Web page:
The Banff National Park through my son’s eyes

Banff in the Bow Valley - © Kian Martin-3389

Kian and I spent a great day in the Banff National Park last week.  We met my parents, his grandparents, in Banff and divided the day between the Gondola that runs up Sulphur Mountain and the Lake Minnewanka boat cruise.  It was a lot of fun touring with my son and my parents.  Here is a recap – I have used Kian’s photographs to illustrate the day.

Golden-mantled ground squirrel on the run- © Kian Martin-3499

When we got started, Kian asked me if he could use one of my cameras.  The answer was, and always is, yes.  We then spent big chunks of the day photographing away.  This was one of the first times where he has really wanted to spend time doing it and I was happy to join him.

Golden-mantled ground squirrel on the run- © Kian Martin-3445

From the top of the gondola, we walked up to Sanson’s Peak and found Golden-mantled ground squirrels all around plus a couple of Hoary marmots on the rocks.  Kian picked out these creatures and angled for good spots to shoot them (with a camera).

Golden-mantled ground squirrel on the run- © Kian Martin-3485

Golden-mantled ground squirrel on the run- © Kian Martin-3486

Golden-mantled ground squirrel on Sanson's Peak - © Kian Martin-3497

On the water, we covered the length of the lake and Kian made some very nice landscape images along the way.  Coming back, he started experimenting with the reflection of his camera in the window against the scenery beyond.  These were some of my favourites from his set.  When droplets settled on the glass towards the end of the trip, he turned his attention to them framed with the mountains.  Those joined my list of favourites too – great vision and creativity.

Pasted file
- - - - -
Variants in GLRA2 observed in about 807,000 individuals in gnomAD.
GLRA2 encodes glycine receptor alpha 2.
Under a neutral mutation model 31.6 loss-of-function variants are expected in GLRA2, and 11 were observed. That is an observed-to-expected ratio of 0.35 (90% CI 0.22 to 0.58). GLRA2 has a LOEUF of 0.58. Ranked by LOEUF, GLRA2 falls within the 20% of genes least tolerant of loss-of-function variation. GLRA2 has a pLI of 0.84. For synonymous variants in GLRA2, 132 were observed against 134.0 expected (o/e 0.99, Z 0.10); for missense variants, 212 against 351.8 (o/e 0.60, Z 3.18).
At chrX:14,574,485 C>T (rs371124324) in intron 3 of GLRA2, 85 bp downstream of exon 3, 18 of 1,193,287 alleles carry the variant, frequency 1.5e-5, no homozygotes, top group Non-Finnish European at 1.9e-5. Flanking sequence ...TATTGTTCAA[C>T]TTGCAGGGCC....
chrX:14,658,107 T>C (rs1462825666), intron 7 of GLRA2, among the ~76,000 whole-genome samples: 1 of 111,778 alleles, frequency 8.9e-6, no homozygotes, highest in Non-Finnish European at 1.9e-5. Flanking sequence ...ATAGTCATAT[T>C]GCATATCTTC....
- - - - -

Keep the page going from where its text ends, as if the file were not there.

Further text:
Minnewanka's emerald waters - © Kian Martin 2016 -3503

The east end of Lake Minnewanka - © Kian Martin-3555

Photographing Lake Minnewanka - © Kian Martin-3558

Photographing Minnewanka - © Kian Martin-3560

Photographing the mountains from Minnewanka - © Kian Martin-3577

The next day, we spent a couple of hours post processing his work.  It was fantastic!  I love the way he sees things and creates images.  I’m a one trick pony and didn’t do much more than photographing through the day.  Kian however was also the safety model for the flotation device, shared ecological knowledge about the forest along the lake and took a turn piloting the boat.

Kian in the photobooth - © Christopher Martin-3518

Piloting Minnewanka - © Christopher Martin-3569

After the boat ride, my parents headed back to Cochrane and Kian and I waded in the water for a bit – right up until our legs went numb!  We then went down the Johnson Lake road to see if the Buffalo berries were ripe and drawing in any bears.  They were and they did!  We saw a Black bear and a Grizzly.

Johnson Lake Black bear - © Kian Martin-3598

After all of that excitement, we headed for home.  Dusk came quickly and we decided to pull off of the Trans-Canada Highway and drive up the Sibbald Creek Trail to find a spot to photograph the sunset for a few minutes.  We found a small lake close to the road and this was Kian’s final picture from a great day.  An absolutely wonderful landscape image and one we both agreed was among his best (so far).

Sunset from the Sibbald Creek Trail - © Kian Martin-3641

He is a competent young man intent on trying out new things – I am exceptionally happy for him about the person he is choosing to become.  And, I am very proud of him.